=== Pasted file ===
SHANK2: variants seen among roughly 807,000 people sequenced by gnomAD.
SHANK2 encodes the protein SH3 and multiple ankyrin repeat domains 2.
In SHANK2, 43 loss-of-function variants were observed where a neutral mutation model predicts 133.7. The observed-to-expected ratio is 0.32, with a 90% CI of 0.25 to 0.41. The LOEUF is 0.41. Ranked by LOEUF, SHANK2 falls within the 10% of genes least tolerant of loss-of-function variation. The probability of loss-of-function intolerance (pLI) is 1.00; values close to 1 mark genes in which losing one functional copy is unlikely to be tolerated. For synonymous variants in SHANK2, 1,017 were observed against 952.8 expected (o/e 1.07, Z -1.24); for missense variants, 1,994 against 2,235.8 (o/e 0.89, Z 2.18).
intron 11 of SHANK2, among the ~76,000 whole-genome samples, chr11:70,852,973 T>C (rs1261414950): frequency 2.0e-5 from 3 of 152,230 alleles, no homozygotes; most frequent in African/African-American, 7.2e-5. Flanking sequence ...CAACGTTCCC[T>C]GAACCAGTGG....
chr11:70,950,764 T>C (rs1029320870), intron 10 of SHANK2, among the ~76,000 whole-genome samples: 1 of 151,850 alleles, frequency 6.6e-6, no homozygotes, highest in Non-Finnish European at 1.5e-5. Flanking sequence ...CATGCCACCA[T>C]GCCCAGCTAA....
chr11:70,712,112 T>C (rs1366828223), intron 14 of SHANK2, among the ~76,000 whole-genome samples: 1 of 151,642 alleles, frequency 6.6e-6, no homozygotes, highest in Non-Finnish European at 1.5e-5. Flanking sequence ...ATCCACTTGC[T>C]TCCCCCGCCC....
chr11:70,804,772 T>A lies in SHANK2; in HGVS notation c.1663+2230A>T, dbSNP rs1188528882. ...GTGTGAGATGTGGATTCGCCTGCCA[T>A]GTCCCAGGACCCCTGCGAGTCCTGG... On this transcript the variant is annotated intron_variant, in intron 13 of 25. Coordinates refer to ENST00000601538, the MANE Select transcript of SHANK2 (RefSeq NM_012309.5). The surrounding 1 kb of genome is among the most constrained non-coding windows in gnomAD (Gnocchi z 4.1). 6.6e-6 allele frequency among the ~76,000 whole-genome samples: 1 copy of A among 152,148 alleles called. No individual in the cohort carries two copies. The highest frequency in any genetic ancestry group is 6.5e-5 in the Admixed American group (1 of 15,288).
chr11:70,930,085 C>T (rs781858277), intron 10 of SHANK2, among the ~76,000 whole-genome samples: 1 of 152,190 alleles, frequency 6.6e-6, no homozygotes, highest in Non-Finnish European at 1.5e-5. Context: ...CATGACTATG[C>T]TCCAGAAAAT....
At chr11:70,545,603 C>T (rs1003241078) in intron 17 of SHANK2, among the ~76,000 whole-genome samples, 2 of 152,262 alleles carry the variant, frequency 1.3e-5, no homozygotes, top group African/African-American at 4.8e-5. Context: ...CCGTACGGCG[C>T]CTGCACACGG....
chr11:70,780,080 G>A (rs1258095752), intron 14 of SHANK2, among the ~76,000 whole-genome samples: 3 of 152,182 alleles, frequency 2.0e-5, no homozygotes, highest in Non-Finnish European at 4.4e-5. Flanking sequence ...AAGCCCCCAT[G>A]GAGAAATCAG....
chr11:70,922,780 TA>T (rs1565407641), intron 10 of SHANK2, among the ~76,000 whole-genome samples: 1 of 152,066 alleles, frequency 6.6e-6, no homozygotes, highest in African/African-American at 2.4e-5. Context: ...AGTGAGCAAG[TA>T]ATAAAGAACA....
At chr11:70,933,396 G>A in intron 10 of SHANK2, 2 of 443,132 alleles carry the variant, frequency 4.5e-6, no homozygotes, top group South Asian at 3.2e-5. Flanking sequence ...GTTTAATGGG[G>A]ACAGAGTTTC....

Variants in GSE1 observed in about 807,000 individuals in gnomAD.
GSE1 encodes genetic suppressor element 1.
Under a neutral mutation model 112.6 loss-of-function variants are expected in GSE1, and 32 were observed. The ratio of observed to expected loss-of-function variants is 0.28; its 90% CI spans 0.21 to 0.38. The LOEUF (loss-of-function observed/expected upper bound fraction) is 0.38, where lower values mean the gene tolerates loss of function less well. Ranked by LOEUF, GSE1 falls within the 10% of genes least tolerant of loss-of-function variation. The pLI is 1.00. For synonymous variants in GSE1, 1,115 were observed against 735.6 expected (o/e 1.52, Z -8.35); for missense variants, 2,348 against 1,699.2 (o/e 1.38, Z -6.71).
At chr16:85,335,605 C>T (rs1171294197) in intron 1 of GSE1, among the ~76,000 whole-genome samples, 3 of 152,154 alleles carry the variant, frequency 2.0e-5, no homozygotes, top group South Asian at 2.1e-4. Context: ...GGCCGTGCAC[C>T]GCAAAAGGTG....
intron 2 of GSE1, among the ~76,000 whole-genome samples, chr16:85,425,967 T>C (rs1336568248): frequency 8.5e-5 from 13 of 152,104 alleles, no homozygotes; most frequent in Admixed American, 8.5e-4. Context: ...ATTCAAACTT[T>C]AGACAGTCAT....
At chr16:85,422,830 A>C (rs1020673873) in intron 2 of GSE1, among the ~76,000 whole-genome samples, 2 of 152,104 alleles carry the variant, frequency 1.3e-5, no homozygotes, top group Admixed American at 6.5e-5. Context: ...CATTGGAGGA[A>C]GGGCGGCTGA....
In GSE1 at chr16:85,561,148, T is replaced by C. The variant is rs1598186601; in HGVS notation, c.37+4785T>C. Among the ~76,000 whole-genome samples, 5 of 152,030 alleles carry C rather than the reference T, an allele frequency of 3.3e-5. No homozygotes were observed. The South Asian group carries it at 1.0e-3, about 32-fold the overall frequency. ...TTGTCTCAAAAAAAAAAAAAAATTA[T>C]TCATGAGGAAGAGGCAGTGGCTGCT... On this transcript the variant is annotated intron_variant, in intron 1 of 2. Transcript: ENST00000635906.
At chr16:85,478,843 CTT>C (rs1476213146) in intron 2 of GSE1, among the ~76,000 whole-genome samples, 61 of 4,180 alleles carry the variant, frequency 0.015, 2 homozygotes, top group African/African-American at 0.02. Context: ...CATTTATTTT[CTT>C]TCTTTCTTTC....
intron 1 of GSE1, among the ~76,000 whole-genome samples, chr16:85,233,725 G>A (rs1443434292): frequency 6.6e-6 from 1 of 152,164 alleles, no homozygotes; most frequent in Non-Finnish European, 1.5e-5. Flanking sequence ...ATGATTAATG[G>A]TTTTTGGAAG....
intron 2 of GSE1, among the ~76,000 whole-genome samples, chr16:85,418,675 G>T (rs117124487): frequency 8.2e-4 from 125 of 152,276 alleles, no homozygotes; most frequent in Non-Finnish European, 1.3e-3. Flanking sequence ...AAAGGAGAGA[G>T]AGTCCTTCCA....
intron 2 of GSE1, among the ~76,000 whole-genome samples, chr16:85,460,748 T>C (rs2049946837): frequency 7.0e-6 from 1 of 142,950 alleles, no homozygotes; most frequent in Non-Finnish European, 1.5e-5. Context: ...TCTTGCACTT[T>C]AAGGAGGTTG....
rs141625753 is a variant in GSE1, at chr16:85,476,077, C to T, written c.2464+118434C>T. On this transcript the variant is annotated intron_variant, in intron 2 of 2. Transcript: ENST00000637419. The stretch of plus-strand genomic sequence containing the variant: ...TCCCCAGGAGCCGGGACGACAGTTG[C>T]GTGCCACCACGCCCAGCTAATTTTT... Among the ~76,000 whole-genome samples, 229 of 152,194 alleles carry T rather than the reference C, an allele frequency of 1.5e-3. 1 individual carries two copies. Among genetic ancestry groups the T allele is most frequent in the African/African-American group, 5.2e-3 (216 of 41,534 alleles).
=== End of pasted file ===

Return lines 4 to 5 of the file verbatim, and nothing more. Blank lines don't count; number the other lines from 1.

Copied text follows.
intron 11 of SHANK2, among the ~76,000 whole-genome samples, chr11:70,852,973 T>C (rs1261414950): frequency 2.0e-5 from 3 of 152,230 alleles, no homozygotes; most frequent in African/African-American, 7.2e-5. Flanking sequence ...CAACGTTCCC[T>C]GAACCAGTGG....
chr11:70,950,764 T>C (rs1029320870), intron 10 of SHANK2, among the ~76,000 whole-genome samples: 1 of 151,850 alleles, frequency 6.6e-6, no homozygotes, highest in Non-Finnish European at 1.5e-5. Flanking sequence ...CATGCCACCA[T>C]GCCCAGCTAA....